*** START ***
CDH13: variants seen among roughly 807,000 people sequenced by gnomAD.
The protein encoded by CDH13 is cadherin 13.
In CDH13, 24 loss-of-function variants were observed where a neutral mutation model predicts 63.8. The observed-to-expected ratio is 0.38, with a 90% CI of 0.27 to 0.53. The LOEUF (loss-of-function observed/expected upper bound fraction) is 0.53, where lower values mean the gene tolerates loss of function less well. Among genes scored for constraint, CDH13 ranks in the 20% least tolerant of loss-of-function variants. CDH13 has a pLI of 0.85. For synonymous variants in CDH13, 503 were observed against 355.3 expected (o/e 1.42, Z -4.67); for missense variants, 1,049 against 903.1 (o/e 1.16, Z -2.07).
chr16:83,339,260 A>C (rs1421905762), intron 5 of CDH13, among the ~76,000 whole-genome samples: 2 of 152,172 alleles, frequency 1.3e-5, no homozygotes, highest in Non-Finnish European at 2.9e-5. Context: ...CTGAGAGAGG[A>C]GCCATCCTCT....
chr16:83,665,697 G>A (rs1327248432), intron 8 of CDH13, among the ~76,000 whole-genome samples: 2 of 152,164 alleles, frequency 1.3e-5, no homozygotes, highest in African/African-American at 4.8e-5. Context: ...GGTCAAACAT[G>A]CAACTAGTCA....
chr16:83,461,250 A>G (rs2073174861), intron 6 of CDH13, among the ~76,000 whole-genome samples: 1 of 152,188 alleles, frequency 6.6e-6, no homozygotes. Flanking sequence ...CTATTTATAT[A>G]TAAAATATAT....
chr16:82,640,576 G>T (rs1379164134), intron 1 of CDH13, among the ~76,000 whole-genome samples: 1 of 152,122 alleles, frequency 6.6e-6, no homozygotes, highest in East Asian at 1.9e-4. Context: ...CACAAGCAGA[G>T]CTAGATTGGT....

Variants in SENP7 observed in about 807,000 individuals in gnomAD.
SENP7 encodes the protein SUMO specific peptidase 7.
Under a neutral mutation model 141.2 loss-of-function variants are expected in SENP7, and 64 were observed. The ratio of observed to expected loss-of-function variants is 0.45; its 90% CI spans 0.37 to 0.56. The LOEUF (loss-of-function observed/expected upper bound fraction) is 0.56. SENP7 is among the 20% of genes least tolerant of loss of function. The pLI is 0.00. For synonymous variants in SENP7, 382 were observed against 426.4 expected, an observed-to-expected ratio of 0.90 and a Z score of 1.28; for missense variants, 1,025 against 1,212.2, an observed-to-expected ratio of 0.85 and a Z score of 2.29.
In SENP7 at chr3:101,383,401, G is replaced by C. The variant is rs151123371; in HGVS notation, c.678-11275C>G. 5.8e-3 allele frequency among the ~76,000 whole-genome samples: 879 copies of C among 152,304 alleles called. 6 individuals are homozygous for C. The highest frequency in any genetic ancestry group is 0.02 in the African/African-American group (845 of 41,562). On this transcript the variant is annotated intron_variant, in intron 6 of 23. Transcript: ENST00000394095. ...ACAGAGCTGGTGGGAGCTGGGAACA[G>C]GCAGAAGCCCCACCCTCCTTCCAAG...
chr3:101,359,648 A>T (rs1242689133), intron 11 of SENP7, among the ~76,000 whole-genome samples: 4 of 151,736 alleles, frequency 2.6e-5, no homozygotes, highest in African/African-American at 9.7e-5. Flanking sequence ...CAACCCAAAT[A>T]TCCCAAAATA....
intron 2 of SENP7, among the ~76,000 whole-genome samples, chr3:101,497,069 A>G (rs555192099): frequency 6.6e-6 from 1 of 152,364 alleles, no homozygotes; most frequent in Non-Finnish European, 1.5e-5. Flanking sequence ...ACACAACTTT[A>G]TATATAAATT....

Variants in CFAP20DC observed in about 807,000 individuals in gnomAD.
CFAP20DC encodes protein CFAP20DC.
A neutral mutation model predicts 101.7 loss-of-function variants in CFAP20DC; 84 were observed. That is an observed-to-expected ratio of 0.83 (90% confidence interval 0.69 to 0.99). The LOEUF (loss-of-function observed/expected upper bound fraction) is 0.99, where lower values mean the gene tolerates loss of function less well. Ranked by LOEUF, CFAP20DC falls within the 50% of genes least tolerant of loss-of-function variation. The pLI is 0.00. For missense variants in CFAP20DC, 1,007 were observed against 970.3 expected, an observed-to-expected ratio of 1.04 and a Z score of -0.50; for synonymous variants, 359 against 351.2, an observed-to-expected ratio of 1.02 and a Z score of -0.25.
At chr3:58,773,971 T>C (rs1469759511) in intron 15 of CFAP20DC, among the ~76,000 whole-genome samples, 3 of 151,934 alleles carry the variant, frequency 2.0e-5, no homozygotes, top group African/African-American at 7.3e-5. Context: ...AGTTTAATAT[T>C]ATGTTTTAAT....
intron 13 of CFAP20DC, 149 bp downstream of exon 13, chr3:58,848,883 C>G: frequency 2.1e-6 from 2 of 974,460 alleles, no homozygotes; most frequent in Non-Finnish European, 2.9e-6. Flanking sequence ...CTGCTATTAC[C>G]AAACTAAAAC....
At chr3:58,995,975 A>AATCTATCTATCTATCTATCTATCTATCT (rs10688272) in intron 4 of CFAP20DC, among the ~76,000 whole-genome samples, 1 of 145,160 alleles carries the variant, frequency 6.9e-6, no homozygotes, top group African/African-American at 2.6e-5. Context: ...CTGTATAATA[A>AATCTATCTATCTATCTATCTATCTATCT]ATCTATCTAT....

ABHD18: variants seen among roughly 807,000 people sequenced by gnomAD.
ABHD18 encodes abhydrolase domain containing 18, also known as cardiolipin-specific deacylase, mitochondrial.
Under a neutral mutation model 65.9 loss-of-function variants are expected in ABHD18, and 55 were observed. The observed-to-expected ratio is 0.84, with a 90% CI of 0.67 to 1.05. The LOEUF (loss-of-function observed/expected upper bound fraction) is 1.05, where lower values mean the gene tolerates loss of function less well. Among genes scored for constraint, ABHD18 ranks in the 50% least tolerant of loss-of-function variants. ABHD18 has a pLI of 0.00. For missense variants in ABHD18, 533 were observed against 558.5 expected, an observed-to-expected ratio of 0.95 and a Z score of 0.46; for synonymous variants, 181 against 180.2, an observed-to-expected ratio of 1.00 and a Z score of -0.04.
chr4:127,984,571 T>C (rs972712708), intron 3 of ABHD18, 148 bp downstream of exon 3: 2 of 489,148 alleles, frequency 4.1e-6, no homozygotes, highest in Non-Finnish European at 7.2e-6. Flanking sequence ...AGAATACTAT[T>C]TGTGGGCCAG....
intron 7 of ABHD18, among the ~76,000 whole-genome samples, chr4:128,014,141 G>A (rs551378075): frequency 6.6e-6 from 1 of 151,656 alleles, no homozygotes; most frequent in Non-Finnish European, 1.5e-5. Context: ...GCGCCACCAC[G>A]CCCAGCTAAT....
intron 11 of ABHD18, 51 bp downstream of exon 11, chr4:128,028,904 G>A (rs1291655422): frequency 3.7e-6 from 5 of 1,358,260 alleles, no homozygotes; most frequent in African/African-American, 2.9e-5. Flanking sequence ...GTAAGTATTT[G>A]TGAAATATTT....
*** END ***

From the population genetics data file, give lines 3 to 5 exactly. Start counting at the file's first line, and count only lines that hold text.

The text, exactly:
In CDH13, 24 loss-of-function variants were observed where a neutral mutation model predicts 63.8. The observed-to-expected ratio is 0.38, with a 90% CI of 0.27 to 0.53. The LOEUF (loss-of-function observed/expected upper bound fraction) is 0.53, where lower values mean the gene tolerates loss of function less well. Among genes scored for constraint, CDH13 ranks in the 20% least tolerant of loss-of-function variants. CDH13 has a pLI of 0.85. For synonymous variants in CDH13, 503 were observed against 355.3 expected (o/e 1.42, Z -4.67); for missense variants, 1,049 against 903.1 (o/e 1.16, Z -2.07).
chr16:83,339,260 A>C (rs1421905762), intron 5 of CDH13, among the ~76,000 whole-genome samples: 2 of 152,172 alleles, frequency 1.3e-5, no homozygotes, highest in Non-Finnish European at 2.9e-5. Context: ...CTGAGAGAGG[A>C]GCCATCCTCT....
chr16:83,665,697 G>A (rs1327248432), intron 8 of CDH13, among the ~76,000 whole-genome samples: 2 of 152,164 alleles, frequency 1.3e-5, no homozygotes, highest in African/African-American at 4.8e-5. Context: ...GGTCAAACAT[G>A]CAACTAGTCA....